Election day: Most predictions of the next four years will be wrong

As President Obama or Mitt Romney will discover, the only predictable thing about foreign and domestic events is unpredictability. Woodrow Wilson didn't foresee World War I. Jimmy Carter called Iran an 'island of stability.' Terrorism got only brief mention in the 2000 Bush-Gore debates.

Ed Andrieski/AP
Keefe Perkins votes in the presidential election on the last day of early voting in Colorado at the Arapahoe County Elections Facility on Nov. 2. Polls show the race between President Obama and Mitt Romney to be neck and neck. Op-ed contributor John J. Pitney Jr. says regardless of who wins, 'the fate of the administration will hinge on things that no one can predict....The winner of the 2012 election will face foreign and domestic jolts. He may even find surprises in his own soul.'

Between now and the presidential inauguration on Jan. 20, there will be many predictions of what the next four years will bring. Most of those will be wrong. As it always does, the fate of the administration will hinge on things that no one can predict.

The future is full of unknowns. In 1912, Woodrow Wilson campaigned for president on domestic issues, and his 1913 inaugural address did not even mention the words “war” or “military.” When he delivered that speech, he surely had never heard of the man Gavrilo Princip. In 1914, this obscure young Serb assassinated Archduke Franz Ferdinand of Austria, triggering a chain of events that would result in World War I.

Closer to our own time, Jimmy Carter was another president whose campaign had a domestic emphasis. In 1976, he made brief remarks questioning the scope of arms sales to Iran, but otherwise had little to say about that country.

During his first year as president, he said: “Iran, because of the great leadership of the shah, is an island of stability in one of the more troubled areas of the world.” Within a couple of years, that island of stability had become a caldron of chaos. Revolutionaries deposed the shah and seized American hostages, launching a crisis that would become an obsession for the United States and a political disaster for Mr. Carter.

Around the same time, another country supplied another shock. Neither Carter nor Gerald Ford had talked about Afghanistan during their 1976 contest. In fact, “Afghanistanism” was a slang term for excessive concern with unimportant parts of the world.

In December 1979, Afghanistan suddenly became important when the Soviet Union invaded. Carter, who had once spoken of an “inordinate fear of communism,” said that the invasion “has made a more dramatic change in my own opinion of what the Soviets’ ultimate goals are than anything they’ve done in the previous time I’ve been in office.”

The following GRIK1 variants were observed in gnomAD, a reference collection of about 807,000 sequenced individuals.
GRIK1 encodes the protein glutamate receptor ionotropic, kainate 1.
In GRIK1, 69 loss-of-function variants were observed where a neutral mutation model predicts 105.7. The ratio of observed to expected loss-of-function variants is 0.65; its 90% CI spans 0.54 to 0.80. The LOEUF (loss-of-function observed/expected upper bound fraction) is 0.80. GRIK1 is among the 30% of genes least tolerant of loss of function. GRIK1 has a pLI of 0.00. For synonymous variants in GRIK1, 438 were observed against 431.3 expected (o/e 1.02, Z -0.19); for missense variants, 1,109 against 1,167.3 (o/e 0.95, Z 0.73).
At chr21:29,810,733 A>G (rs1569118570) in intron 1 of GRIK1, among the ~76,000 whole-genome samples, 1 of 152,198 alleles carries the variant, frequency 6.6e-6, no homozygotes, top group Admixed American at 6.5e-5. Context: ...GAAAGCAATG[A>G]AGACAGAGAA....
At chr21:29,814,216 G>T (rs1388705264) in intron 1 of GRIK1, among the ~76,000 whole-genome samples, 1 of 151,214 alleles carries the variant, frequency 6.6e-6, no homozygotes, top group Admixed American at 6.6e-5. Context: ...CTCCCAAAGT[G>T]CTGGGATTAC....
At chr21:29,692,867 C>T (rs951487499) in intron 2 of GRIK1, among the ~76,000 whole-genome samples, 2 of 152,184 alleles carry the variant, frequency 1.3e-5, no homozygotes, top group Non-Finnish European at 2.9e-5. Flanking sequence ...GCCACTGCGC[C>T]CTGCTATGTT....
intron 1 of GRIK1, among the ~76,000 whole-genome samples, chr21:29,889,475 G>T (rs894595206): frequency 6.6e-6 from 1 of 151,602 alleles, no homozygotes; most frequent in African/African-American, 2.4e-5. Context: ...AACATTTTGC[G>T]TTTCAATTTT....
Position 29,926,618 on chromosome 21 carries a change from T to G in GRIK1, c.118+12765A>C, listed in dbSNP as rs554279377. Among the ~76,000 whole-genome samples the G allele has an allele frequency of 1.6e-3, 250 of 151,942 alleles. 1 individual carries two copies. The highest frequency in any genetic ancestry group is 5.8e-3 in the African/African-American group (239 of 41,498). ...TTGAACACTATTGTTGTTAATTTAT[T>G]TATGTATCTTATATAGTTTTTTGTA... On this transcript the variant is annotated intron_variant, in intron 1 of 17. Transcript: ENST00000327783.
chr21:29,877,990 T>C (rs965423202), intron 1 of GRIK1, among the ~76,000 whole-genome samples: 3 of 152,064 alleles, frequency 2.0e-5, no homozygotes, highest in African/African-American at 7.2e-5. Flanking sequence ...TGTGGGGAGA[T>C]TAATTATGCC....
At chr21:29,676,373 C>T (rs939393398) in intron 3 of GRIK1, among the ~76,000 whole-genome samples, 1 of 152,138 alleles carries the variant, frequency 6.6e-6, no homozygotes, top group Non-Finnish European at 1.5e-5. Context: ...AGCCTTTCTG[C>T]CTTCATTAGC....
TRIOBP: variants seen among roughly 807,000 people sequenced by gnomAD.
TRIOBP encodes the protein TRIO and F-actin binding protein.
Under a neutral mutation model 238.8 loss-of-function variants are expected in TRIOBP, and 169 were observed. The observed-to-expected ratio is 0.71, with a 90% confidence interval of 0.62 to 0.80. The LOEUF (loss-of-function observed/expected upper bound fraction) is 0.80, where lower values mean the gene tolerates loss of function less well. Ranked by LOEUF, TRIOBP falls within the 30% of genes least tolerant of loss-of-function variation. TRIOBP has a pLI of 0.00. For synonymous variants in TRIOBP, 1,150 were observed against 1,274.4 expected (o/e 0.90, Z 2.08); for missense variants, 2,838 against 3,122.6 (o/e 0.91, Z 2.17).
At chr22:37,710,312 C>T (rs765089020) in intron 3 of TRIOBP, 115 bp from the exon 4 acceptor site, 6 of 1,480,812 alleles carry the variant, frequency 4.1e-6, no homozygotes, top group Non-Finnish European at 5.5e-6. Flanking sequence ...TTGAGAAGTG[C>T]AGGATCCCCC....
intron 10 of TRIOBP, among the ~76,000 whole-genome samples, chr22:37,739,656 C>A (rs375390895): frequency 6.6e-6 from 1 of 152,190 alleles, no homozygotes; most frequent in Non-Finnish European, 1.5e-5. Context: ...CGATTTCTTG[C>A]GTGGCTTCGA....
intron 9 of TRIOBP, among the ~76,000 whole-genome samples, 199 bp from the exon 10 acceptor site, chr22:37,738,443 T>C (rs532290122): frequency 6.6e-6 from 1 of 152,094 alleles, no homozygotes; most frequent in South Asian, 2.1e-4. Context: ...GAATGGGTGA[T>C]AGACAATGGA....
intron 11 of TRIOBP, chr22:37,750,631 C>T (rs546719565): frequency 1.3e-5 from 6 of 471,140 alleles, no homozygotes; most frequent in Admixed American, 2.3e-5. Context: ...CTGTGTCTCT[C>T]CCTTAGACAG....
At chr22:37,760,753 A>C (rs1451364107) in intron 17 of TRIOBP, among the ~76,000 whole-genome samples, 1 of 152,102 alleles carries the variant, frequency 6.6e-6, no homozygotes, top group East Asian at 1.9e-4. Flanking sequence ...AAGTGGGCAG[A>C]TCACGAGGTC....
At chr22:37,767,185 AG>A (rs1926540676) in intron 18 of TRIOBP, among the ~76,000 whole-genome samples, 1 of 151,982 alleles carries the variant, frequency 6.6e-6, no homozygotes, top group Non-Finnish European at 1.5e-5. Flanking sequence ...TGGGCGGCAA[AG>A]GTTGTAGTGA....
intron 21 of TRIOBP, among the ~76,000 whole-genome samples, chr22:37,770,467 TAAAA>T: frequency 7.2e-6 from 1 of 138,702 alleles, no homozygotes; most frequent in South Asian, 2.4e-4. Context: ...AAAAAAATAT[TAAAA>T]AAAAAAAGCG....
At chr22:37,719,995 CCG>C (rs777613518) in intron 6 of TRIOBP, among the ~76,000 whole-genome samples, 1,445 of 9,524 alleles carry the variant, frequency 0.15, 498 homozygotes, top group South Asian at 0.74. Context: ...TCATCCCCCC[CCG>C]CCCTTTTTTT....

CIA-backed rebels eventually pushed the Soviets out, and Afghanistan again receded from the American mind. In the Bush-Gore debates of 2000, the name of the country never came up. Even more striking in hindsight is that the issue of terrorism got only fleeting attention from the candidates. Instead of arguing about who would get tougher against our enemies, candidate George W. Bush said – and Vice President Al Gore agreed – that the US should be a strong but “humble nation.”

Everything changed on Sept. 11, 2001. The war on terror replaced compassionate conservatism as Mr. Bush’s priority, and the “humble nation” talk vanished.

The economy can move in unpredictable ways, too. During the 1990s, technological innovation fostered an economic boom, and so the federal deficit came down faster than Bill Clinton could have hoped when he took office in 1993. Sixteen years later, President Obama knew right at the start that the economy was in crisis. Nevertheless, his transition team projected that unemployment would drop below 6 percent by late 2012. Needless to say, the recovery has been slower than the forecasters had predicted.

The unexpected may come from within. Abraham Lincoln, who had never run anything larger than his little law office before becoming president, must have seemed like an amateur next to the president of the Confederacy. Jefferson Davis, a graduate of West Point, had served as a US senator, a general, and US secretary of War. Lincoln’s own secretary of State offered to take over some responsibilities from the seemingly overmatched chief executive. It took the Civil War to reveal Lincoln’s greatness.

Sometimes, the revelations occur in the second term. Mr. Clinton already had a reputation as a womanizer, but the Lewinsky affair was something else entirely. Few imagined that he would be so reckless as to have relations with a subordinate. And no one could have foreseen the resilience and political cunning with which he survived a scandal that would have destroyed other presidents.

The winner of the 2012 election will face foreign and domestic jolts. He may even find surprises in his own soul. So on Jan. 20, as he puts his hand on the Bible to take the oath of office, he should glance down at Ecclesiastes 8:7: “Since no man knows the future, who can tell him what is to come?”

John J. Pitney Jr. is the Roy P. Crocker professor of government at Claremont McKenna College and coauthor of “American Government and Politics: Deliberation, Democracy, and Citizenship.”

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